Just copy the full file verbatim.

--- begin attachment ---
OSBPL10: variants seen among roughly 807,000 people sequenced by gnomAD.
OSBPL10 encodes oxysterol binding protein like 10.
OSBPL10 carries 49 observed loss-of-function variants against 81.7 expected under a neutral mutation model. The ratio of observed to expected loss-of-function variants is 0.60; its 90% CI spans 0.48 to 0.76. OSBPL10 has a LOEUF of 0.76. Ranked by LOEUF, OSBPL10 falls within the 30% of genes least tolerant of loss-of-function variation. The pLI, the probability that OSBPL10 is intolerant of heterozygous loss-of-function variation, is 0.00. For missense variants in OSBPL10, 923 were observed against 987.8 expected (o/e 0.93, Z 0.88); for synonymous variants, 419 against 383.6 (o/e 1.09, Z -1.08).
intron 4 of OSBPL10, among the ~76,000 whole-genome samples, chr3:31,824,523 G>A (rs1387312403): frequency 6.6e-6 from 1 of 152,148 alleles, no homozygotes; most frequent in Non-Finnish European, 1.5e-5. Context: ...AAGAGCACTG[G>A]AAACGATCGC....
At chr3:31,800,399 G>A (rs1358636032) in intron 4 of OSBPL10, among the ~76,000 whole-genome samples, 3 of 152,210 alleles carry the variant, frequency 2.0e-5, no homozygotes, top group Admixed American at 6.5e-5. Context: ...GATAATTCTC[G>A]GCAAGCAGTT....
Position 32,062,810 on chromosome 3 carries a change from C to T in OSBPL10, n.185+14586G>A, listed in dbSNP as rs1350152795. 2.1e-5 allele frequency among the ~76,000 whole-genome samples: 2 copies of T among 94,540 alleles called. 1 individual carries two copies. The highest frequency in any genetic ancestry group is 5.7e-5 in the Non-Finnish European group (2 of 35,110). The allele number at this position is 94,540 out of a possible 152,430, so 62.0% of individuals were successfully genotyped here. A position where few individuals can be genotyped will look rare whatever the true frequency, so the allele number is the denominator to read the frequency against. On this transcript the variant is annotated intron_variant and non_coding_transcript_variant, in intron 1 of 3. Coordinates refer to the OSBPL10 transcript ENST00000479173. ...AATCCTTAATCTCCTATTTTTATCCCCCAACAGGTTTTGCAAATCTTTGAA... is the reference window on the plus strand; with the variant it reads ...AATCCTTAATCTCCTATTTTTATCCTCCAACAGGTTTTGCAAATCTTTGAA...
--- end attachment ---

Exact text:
OSBPL10: variants seen among roughly 807,000 people sequenced by gnomAD.
OSBPL10 encodes oxysterol binding protein like 10.
OSBPL10 carries 49 observed loss-of-function variants against 81.7 expected under a neutral mutation model. The ratio of observed to expected loss-of-function variants is 0.60; its 90% CI spans 0.48 to 0.76. OSBPL10 has a LOEUF of 0.76. Ranked by LOEUF, OSBPL10 falls within the 30% of genes least tolerant of loss-of-function variation. The pLI, the probability that OSBPL10 is intolerant of heterozygous loss-of-function variation, is 0.00. For missense variants in OSBPL10, 923 were observed against 987.8 expected (o/e 0.93, Z 0.88); for synonymous variants, 419 against 383.6 (o/e 1.09, Z -1.08).
intron 4 of OSBPL10, among the ~76,000 whole-genome samples, chr3:31,824,523 G>A (rs1387312403): frequency 6.6e-6 from 1 of 152,148 alleles, no homozygotes; most frequent in Non-Finnish European, 1.5e-5. Context: ...AAGAGCACTG[G>A]AAACGATCGC....
At chr3:31,800,399 G>A (rs1358636032) in intron 4 of OSBPL10, among the ~76,000 whole-genome samples, 3 of 152,210 alleles carry the variant, frequency 2.0e-5, no homozygotes, top group Admixed American at 6.5e-5. Context: ...GATAATTCTC[G>A]GCAAGCAGTT....
Position 32,062,810 on chromosome 3 carries a change from C to T in OSBPL10, n.185+14586G>A, listed in dbSNP as rs1350152795. 2.1e-5 allele frequency among the ~76,000 whole-genome samples: 2 copies of T among 94,540 alleles called. 1 individual carries two copies. The highest frequency in any genetic ancestry group is 5.7e-5 in the Non-Finnish European group (2 of 35,110). The allele number at this position is 94,540 out of a possible 152,430, so 62.0% of individuals were successfully genotyped here. A position where few individuals can be genotyped will look rare whatever the true frequency, so the allele number is the denominator to read the frequency against. On this transcript the variant is annotated intron_variant and non_coding_transcript_variant, in intron 1 of 3. Coordinates refer to the OSBPL10 transcript ENST00000479173. ...AATCCTTAATCTCCTATTTTTATCCCCCAACAGGTTTTGCAAATCTTTGAA... is the reference window on the plus strand; with the variant it reads ...AATCCTTAATCTCCTATTTTTATCCTCCAACAGGTTTTGCAAATCTTTGAA...